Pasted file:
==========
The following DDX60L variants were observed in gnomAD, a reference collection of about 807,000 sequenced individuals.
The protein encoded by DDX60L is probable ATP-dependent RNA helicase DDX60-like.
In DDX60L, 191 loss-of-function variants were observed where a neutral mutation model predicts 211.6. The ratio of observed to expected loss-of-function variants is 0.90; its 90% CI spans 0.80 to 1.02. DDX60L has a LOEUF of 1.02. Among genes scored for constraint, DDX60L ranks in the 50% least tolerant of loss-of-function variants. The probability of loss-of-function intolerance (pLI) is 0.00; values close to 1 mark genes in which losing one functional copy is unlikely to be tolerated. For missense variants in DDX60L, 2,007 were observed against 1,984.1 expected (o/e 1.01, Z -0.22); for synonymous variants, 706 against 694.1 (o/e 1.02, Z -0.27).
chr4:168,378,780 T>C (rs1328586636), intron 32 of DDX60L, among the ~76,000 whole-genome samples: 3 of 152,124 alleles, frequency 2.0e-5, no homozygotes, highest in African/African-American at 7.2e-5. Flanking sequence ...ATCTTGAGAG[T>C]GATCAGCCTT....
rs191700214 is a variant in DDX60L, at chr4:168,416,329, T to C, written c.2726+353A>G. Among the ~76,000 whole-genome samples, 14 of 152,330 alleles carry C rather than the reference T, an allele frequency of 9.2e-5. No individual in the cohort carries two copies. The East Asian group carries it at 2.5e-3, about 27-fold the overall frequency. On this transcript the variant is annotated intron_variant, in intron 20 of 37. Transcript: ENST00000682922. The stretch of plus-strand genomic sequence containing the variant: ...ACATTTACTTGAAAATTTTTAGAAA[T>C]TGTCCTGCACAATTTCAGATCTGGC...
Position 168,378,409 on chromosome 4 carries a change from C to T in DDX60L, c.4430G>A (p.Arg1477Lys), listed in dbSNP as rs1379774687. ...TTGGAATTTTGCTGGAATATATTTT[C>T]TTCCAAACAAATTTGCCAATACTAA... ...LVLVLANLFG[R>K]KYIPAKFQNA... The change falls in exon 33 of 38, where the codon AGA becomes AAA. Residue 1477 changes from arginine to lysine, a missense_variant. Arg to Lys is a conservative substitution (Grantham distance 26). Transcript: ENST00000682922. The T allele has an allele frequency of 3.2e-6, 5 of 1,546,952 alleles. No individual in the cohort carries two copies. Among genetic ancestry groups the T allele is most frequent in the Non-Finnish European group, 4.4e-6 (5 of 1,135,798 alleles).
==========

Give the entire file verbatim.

The following DDX60L variants were observed in gnomAD, a reference collection of about 807,000 sequenced individuals.
The protein encoded by DDX60L is probable ATP-dependent RNA helicase DDX60-like.
In DDX60L, 191 loss-of-function variants were observed where a neutral mutation model predicts 211.6. The ratio of observed to expected loss-of-function variants is 0.90; its 90% CI spans 0.80 to 1.02. DDX60L has a LOEUF of 1.02. Among genes scored for constraint, DDX60L ranks in the 50% least tolerant of loss-of-function variants. The probability of loss-of-function intolerance (pLI) is 0.00; values close to 1 mark genes in which losing one functional copy is unlikely to be tolerated. For missense variants in DDX60L, 2,007 were observed against 1,984.1 expected (o/e 1.01, Z -0.22); for synonymous variants, 706 against 694.1 (o/e 1.02, Z -0.27).
chr4:168,378,780 T>C (rs1328586636), intron 32 of DDX60L, among the ~76,000 whole-genome samples: 3 of 152,124 alleles, frequency 2.0e-5, no homozygotes, highest in African/African-American at 7.2e-5. Flanking sequence ...ATCTTGAGAG[T>C]GATCAGCCTT....
rs191700214 is a variant in DDX60L, at chr4:168,416,329, T to C, written c.2726+353A>G. Among the ~76,000 whole-genome samples, 14 of 152,330 alleles carry C rather than the reference T, an allele frequency of 9.2e-5. No individual in the cohort carries two copies. The East Asian group carries it at 2.5e-3, about 27-fold the overall frequency. On this transcript the variant is annotated intron_variant, in intron 20 of 37. Transcript: ENST00000682922. The stretch of plus-strand genomic sequence containing the variant: ...ACATTTACTTGAAAATTTTTAGAAA[T>C]TGTCCTGCACAATTTCAGATCTGGC...
Position 168,378,409 on chromosome 4 carries a change from C to T in DDX60L, c.4430G>A (p.Arg1477Lys), listed in dbSNP as rs1379774687. ...TTGGAATTTTGCTGGAATATATTTT[C>T]TTCCAAACAAATTTGCCAATACTAA... ...LVLVLANLFG[R>K]KYIPAKFQNA... The change falls in exon 33 of 38, where the codon AGA becomes AAA. Residue 1477 changes from arginine to lysine, a missense_variant. Arg to Lys is a conservative substitution (Grantham distance 26). Transcript: ENST00000682922. The T allele has an allele frequency of 3.2e-6, 5 of 1,546,952 alleles. No individual in the cohort carries two copies. Among genetic ancestry groups the T allele is most frequent in the Non-Finnish European group, 4.4e-6 (5 of 1,135,798 alleles).